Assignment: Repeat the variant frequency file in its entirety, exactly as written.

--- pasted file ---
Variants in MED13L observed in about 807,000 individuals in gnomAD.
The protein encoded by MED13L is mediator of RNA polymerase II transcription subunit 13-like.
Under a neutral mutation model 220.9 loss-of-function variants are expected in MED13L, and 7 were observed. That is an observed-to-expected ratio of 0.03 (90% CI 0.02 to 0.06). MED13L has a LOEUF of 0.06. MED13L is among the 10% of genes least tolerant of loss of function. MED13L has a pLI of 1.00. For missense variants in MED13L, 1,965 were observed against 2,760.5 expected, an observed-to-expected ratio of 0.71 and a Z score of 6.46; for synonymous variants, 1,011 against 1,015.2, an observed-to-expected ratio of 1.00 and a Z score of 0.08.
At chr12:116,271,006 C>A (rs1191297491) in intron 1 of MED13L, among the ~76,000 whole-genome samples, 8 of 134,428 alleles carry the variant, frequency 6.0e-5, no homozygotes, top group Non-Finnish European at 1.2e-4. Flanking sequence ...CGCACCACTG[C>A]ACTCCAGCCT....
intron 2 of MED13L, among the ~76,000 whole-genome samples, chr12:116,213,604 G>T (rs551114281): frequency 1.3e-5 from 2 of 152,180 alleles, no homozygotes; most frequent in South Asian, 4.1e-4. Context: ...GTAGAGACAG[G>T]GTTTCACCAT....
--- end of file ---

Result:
Variants in MED13L observed in about 807,000 individuals in gnomAD.
The protein encoded by MED13L is mediator of RNA polymerase II transcription subunit 13-like.
Under a neutral mutation model 220.9 loss-of-function variants are expected in MED13L, and 7 were observed. That is an observed-to-expected ratio of 0.03 (90% CI 0.02 to 0.06). MED13L has a LOEUF of 0.06. MED13L is among the 10% of genes least tolerant of loss of function. MED13L has a pLI of 1.00. For missense variants in MED13L, 1,965 were observed against 2,760.5 expected, an observed-to-expected ratio of 0.71 and a Z score of 6.46; for synonymous variants, 1,011 against 1,015.2, an observed-to-expected ratio of 1.00 and a Z score of 0.08.
At chr12:116,271,006 C>A (rs1191297491) in intron 1 of MED13L, among the ~76,000 whole-genome samples, 8 of 134,428 alleles carry the variant, frequency 6.0e-5, no homozygotes, top group Non-Finnish European at 1.2e-4. Flanking sequence ...CGCACCACTG[C>A]ACTCCAGCCT....
intron 2 of MED13L, among the ~76,000 whole-genome samples, chr12:116,213,604 G>T (rs551114281): frequency 1.3e-5 from 2 of 152,180 alleles, no homozygotes; most frequent in South Asian, 4.1e-4. Context: ...GTAGAGACAG[G>T]GTTTCACCAT....